RE: A Search for Exemplary Sentences

From: Edward Cherlin (cherlin@2cowherd.com)
Date: Wed Nov 18 1998 - 03:33:46 EST


At 7:17 PM -0800 11/17/98, Massimo Fuchs wrote:
>> -----Original Message-----
>> From: Rick McGowan [mailto:rmcgowan@apple.com]
>> Sent: Tuesday, November 17, 1998 4:19 PM
>> To: Unicode List
>> Subject: A Search for Exemplary Sentences
>>
>>
>> Unicoders...
>>
>> Suppose you had only one sentence, gleaned from the corpus of "classical
>> literature" or poetry of your exalted mother tongue, in which to
>> capture that
>> language's beauty and cultural essence. What would it be? What sentence
>> sums up everything? What great aphorism makes the patriotic
>> pulses pound and
>> sets all eyes to watering?
>
>The Quick Brown Fox Jumps Over the Lazy Dog.
> -- Unkown.

Vext cwm fly zing jabs Kurd Qoph, if you're going to be like that about it.

[Bennett Cerf said in "Try and Stop Me" that two writers once argued for a
full weekend whether the finest sentence in the English language was, "No
date has been set for the wedding," or "We can sleep all day tomorrow."]

Anyway, I'm game.

My vote for English goes to

"Four score and seven years ago, our fathers brought forth upon this
continent a new nation, conceived in liberty and dedicated to the
proposition that all men are created equal."

Please note that the word "men" is in principle the inclusive use most
clearly demonstrated in the textbook which proclaimed,

"Man is a mammal and suckles his young."

I would also like to cast a vote for the Middle English sentence

"A yere yeres full yerne, and yeldes naver like."

(Approximately, "A year passes very quickly, and never comes again.")

This line, from _Gawain and the Green Knight_, invites us to imagine Sir
Gawain's state of mind as he waits for a full year before going as promised
to have his head chopped off. If you don't know the story, I won't spoil it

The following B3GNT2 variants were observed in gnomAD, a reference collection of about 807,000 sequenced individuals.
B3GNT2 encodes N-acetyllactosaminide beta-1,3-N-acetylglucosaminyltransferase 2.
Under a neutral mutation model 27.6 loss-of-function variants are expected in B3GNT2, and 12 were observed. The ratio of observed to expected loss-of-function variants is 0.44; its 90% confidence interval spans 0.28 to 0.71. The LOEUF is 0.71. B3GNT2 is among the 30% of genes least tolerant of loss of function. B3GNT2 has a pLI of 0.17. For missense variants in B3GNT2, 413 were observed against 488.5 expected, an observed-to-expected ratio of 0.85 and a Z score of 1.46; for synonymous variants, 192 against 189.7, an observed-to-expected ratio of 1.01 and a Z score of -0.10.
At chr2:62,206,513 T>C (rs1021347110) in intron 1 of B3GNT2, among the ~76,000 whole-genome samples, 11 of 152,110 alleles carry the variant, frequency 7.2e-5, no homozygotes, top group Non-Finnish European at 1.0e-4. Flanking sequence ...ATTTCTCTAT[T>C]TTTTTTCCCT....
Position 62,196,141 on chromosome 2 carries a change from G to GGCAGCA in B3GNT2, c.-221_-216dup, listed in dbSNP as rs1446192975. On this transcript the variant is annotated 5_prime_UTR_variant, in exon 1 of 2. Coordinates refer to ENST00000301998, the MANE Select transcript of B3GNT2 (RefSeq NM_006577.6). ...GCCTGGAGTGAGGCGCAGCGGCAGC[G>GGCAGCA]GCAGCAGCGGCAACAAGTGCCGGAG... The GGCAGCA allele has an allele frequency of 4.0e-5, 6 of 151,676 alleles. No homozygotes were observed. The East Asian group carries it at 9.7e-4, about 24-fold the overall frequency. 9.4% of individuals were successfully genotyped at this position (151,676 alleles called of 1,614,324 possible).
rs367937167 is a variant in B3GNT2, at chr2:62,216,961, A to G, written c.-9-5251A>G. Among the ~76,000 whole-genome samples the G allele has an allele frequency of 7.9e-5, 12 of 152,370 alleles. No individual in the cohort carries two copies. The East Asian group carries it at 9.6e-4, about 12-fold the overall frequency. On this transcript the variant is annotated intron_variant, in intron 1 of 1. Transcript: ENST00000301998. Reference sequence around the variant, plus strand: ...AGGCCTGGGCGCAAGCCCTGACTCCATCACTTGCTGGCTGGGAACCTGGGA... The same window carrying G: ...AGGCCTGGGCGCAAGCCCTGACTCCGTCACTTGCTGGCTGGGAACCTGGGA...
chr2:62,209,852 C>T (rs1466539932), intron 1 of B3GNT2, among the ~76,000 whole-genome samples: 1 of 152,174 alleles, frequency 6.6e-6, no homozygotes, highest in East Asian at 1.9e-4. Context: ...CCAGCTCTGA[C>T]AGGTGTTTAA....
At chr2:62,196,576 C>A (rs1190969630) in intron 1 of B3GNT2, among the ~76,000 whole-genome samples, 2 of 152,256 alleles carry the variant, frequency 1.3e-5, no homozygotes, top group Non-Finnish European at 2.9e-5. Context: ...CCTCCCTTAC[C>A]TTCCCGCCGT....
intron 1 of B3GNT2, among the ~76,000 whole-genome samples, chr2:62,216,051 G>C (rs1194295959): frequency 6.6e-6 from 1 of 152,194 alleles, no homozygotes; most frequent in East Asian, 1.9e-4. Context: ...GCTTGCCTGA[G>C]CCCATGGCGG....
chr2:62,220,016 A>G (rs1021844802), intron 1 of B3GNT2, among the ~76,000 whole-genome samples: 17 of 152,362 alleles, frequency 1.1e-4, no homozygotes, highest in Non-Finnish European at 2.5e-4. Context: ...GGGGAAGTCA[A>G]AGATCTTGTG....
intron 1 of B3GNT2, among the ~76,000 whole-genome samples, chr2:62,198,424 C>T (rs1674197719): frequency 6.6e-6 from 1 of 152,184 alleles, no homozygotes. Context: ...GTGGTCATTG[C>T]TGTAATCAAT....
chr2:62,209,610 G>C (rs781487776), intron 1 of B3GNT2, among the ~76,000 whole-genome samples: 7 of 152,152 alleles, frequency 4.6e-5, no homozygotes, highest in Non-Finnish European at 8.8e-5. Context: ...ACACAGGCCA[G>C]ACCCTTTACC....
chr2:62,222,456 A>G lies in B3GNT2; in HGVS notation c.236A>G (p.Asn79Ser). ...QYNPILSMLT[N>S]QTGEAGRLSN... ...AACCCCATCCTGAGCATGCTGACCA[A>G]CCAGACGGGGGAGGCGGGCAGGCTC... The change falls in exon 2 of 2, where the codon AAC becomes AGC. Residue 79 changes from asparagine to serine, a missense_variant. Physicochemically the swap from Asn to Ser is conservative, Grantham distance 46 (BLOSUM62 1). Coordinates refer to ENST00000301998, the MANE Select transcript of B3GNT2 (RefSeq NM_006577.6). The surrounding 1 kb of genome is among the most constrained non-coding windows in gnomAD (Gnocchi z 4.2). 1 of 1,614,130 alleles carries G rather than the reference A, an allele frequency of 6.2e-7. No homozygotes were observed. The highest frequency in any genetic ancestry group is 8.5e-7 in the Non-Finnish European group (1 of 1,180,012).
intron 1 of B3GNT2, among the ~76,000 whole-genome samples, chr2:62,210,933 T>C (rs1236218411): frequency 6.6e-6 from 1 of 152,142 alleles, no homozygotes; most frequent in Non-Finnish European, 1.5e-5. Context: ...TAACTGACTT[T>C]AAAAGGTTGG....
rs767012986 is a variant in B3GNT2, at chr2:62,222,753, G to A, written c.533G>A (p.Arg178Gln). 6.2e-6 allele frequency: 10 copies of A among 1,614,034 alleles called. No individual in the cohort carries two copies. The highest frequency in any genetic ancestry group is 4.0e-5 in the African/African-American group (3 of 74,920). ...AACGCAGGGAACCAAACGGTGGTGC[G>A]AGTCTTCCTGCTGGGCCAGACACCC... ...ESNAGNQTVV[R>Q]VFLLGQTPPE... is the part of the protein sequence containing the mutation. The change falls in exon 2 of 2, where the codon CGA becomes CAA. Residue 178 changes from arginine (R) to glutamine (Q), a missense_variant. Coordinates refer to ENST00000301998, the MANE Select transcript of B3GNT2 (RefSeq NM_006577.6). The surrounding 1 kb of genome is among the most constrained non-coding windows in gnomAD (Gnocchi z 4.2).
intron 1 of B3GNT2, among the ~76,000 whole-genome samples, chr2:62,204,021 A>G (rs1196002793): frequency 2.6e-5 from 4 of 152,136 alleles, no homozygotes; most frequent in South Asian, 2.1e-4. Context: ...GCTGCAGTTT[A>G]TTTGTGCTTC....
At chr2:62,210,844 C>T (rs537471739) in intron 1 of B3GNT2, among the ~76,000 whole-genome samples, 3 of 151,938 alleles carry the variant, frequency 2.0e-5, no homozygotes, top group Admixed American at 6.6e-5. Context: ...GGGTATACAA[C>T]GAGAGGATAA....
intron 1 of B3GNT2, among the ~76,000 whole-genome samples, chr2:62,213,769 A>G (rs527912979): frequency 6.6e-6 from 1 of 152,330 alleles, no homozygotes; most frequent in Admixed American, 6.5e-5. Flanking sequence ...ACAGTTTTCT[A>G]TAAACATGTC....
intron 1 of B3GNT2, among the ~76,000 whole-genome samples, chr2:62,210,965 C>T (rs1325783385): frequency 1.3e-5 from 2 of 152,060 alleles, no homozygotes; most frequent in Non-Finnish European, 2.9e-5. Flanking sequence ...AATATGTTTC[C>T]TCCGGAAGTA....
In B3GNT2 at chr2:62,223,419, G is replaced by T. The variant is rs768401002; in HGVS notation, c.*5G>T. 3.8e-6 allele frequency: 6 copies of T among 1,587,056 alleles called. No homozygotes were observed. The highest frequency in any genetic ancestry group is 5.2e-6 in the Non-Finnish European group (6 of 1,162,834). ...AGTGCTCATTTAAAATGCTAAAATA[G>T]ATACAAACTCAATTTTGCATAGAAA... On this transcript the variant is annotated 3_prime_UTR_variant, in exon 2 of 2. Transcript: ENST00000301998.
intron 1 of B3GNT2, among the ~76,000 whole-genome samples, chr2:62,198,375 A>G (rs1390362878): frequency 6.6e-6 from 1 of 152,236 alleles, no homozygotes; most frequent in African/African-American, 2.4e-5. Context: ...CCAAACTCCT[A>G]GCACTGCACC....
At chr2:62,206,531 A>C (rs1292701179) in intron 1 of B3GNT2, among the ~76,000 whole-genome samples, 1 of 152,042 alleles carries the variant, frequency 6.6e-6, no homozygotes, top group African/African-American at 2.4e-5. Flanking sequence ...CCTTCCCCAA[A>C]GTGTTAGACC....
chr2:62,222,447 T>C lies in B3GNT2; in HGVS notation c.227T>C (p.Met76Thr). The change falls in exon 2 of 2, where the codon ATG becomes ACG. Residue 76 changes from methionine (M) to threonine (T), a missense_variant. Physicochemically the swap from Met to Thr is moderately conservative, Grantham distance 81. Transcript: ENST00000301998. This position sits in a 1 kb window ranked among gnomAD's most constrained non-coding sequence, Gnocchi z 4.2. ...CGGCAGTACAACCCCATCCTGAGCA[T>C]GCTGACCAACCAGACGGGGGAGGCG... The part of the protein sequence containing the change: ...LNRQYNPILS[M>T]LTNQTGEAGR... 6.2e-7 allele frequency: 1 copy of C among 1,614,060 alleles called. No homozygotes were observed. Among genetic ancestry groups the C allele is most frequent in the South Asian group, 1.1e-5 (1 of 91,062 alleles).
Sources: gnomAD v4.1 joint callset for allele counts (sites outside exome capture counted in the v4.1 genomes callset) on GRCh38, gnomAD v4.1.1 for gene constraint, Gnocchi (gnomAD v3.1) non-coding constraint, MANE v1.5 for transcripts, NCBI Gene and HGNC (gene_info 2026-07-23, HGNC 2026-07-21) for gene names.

for you.

For Hebrew, it has to be, "v'ahavta et adonai elohecho..." ("Thou shalt
love the Lord thy God...") the Torah text enclosed in every mezuzah.

For Russian, it has to be Pushkin, and among Pushkin, I nominate the first
stanza of his Insomnia Verses (stihi napisano vo vremye bessonitsi),
beginning,

Mnye nye spitsa, nyet ognya,
Fsyudu mrak i son dokuchnyi;
Hot chasov lish odnozvuchnyi
razdayotsa bliz menya."

˞ Ǖ ˖

. ӓ;
Ҝ ϕ ۗ;
Ӓ ˯ Ӕۗ
.

(If any of that got through--I'm using a Macintosh Cyrillic font, if that
helps.) I'm not giving you code points at least until after I check my
spelling.

Chinese: The opening of the Lao Zi, "Dao ke dao fei chang dao." ('Way can
way not eternal way', or perhaps, "The path that can be followed is not the
true path.")

Latin: "Carthago delenda est."

Greek: "Eureka!"

Japanese: the old "alphabet" verse (with one of each kana) by the great
Buddhist teacher Kukai, who invented the kana. The text contains the
sequence of syllables

I-ro-ha ni-ho-he-to
Ti-ri-nu-ru wo
Wa-ka yo ta-re so
Tu-ne na-ra-mu
U-wi no o-ku-ya-ma
Ke-hu ko-e-te
A-sa-ki yu-me mi-si
We-hi mo se-zu

which is actually read

Irowa nioedo,
Chirinuru o.
Waga yo tare zo
Tsune naran.
Ui no okuyama
Kyou koete
Asaki yume miji
Ei mo sezu.

and means

Colors are so fragrant,
But soon they fade away.
In our world no matter who
You are, you cannot stay.

The towering peak of What and Why
If you cross today,
Shallow dreams and drunkenness
Are no more in your way.

(my translation)

Pali: Buddham saranam gacchami. (I go to the Buddha as refuge.)

Buddhist Sanskrit: Om mani padme hum. (Om, the jewel in the lotus, hail.)

Hindu Sanskrit: Neti, neti.

--
Edward Cherlin                        President
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